“Come mothers and fathers throughout the land

And don’t criticize what you can’t understand

Your sons and your daughters are beyond your command

Your old road is rapidly agin’.

Please get out of the new one

If you can’t lend your hand

For the times they are a-changin’.”

— Bob Dylan

The times indeed are changin’ for drivers in Keene. The questions are how quickly that change will come and how well they’ll adapt.

We’re talking about parking; the most often discussed topic relating to downtown Keene for … well, for a long time now. But the talk these days isn’t about new parking garages or the loss of dirt spaces. It’s all about technology.

For generations, downtown parking has been regulated through meters. Once fully analog, the latest ones feature digital displays and chips that record time and such. But even that advance has become passe with the advent of smartphones and apps. It’s not only that drivers can now pay via credit card or even through mobile apps; it’s that the coin of the realm is no longer coins. Young adults today are far less likely to carry change, or even cash, at all. Thus, the city’s move away from parking methods that only accept nickels, dimes and quarters is inevitable.

But that doesn’t mean it’s going to be easy.

Keene’s parking division has been experimenting with alternatives to metered parking spaces for years. About seven years ago, kiosks were installed along a stretch of Main Street, calling for parkers to insert money or credit cards and type in the number of the space they parked in, assuming they looked and could recall it. It was a huge bust, with operators confused and business owners howling that the change was causing people to go elsewhere to eat or buy. A 90-day trial was scrapped after 40 days of complaints.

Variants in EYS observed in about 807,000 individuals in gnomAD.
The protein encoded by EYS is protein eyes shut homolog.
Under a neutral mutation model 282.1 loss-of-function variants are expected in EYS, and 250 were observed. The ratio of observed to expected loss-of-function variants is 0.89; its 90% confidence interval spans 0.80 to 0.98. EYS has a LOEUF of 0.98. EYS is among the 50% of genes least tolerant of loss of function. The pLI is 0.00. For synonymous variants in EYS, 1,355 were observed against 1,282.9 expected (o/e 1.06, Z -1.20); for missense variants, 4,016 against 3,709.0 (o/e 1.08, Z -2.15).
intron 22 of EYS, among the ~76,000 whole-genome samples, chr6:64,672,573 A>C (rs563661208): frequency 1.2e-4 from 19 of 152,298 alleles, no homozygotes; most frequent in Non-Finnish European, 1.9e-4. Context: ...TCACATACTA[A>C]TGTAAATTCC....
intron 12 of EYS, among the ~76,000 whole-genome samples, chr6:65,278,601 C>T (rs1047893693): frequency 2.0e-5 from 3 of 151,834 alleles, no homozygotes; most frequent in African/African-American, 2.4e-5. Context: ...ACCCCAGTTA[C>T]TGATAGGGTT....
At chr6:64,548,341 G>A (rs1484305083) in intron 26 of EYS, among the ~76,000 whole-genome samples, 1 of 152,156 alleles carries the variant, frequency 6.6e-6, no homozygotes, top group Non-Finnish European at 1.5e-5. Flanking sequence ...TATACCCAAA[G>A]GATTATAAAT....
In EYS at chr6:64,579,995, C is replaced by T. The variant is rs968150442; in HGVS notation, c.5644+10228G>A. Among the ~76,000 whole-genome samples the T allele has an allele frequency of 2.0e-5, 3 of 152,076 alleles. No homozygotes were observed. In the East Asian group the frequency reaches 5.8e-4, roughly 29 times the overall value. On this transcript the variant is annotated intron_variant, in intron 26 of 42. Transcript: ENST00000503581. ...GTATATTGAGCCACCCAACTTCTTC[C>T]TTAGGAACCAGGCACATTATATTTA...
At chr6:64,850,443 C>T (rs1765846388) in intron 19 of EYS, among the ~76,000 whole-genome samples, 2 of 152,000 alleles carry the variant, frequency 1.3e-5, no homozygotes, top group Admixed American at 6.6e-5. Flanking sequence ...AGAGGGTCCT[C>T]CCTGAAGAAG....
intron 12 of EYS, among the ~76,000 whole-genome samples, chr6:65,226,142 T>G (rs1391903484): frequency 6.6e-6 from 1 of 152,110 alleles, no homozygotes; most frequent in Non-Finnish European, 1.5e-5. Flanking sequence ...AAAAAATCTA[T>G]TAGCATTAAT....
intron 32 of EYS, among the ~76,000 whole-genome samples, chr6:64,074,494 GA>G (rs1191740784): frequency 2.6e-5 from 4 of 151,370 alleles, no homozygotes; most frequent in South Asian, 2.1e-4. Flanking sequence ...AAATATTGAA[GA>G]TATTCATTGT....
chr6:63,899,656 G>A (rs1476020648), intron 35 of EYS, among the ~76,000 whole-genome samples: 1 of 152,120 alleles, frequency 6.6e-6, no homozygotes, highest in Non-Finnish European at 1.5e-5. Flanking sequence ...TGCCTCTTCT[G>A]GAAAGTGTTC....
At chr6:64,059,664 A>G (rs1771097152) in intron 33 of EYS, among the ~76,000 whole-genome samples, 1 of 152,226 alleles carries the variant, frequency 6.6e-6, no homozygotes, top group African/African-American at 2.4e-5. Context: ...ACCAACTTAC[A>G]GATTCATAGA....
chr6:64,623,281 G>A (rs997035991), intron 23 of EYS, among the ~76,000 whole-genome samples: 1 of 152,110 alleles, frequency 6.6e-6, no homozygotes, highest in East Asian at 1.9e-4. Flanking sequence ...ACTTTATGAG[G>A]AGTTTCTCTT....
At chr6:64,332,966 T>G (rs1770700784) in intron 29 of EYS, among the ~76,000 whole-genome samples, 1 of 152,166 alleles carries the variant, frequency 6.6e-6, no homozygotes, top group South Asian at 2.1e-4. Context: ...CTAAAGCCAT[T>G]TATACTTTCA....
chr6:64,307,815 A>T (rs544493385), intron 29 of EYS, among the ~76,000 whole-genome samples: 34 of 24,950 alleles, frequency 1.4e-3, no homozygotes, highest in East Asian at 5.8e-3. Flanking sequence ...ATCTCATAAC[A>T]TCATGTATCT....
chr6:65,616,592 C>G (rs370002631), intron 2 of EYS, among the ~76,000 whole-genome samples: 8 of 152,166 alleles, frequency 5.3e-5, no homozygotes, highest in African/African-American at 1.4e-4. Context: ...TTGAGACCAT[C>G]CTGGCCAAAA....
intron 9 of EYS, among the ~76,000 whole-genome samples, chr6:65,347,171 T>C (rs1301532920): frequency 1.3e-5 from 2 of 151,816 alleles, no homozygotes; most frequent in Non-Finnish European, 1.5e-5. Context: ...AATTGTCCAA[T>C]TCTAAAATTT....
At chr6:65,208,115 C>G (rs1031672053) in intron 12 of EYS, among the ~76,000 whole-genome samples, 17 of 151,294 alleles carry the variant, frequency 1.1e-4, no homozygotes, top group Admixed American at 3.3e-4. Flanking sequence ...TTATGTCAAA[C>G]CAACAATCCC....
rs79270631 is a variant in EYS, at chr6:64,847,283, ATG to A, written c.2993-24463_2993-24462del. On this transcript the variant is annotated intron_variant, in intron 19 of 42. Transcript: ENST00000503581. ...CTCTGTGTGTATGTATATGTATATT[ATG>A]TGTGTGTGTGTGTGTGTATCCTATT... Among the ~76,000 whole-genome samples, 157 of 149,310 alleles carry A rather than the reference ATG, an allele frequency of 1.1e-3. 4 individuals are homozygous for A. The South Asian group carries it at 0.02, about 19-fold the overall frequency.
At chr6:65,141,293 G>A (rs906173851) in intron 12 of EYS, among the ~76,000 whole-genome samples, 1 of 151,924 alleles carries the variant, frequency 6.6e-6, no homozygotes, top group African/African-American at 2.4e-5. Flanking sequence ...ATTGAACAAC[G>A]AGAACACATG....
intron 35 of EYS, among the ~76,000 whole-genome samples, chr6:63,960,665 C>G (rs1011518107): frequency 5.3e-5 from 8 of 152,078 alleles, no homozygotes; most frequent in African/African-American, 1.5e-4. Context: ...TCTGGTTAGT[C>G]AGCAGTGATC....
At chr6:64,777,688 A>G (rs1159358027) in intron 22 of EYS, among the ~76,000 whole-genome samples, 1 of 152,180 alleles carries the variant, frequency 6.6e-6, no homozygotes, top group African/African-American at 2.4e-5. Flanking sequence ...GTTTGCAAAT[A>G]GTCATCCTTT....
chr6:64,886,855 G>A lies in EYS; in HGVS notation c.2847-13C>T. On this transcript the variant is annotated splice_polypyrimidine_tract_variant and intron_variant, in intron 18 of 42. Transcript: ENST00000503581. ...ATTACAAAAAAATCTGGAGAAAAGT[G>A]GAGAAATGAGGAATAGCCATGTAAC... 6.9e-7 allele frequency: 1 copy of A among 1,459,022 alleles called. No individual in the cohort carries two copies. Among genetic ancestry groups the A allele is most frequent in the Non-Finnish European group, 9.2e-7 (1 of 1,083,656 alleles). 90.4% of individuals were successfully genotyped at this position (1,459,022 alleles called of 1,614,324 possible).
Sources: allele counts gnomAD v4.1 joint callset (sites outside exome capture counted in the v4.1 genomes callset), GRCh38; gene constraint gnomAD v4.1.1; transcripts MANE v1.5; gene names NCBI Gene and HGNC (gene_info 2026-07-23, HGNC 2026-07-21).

A year or so later, the city began using a mobile app through which users could scan a QR code to pay for their space. In 2015, the Commercial Lot behind The Colonial Theatre went kiosk. This past fall, the resurfaced Gilbo Avenue lot saw all its meters vanish in favor of kiosks. Somehow, drivers have been able to adapt to the idea in lots — perhaps because that’s a common configuration elsewhere.

On the streets, however, it’s still causing a commotion as helpless, or hapless, parkers struggle to decipher the system and work the machines. At least, that’s the story according to Central Square business owner Dorrie Masten. Masten, who owns The Pour House bar and Pedraza’s Mexican Restaurant, among other properties. Masten has been complaining about the kiosk in front of her businesses for at least a year. The kiosk was installed in 2017, replacing 14 meters for the spaces between Winter and West streets.

Masten complained last April, but the City Council left the kiosk in place. Again last month, Masten requested the city remove the kiosk and go back to meters, saying she’s losing business because customers can’t figure out how to work the device or find it’s too much trouble; the kiosk calls for drivers to input their license plate number when paying. The difficulties have also been exacerbated by periodic glitches in the kiosk software.

This time, the city seems more receptive to her argument — at least, to a point. A council panel voted last month to recommend removing the kiosk and reinstalling meters, saying the experiment had not worked and that it’s unfair to businesses to have a different type of parking in only one area.

Last week, another council panel voted to change the operation, but keep a different type of kiosk, for now. The system will call for drivers to get a printed receipt from the kiosk and place it on their dashboard, rather than remember their license plate number. The full council votes on the 30-day trial proposal Thursday evening.

While it’s good city officials are being responsive and open-minded, and especially beneficial that the month-long trial comes at no cost to taxpayers — the vendor of the pay-and-display kiosk is footing the bill — we’re also glad to see the city not abruptly reverse course and go back to meters.

Meters are more expensive and time-consuming for parking staff. They’re also becoming obsolete, given current technological advances. Older drivers may still struggle a bit to adapt, but there’s no question coinless parking is the future, and the city is right to be looking at implementing it.

The times they are a changin’.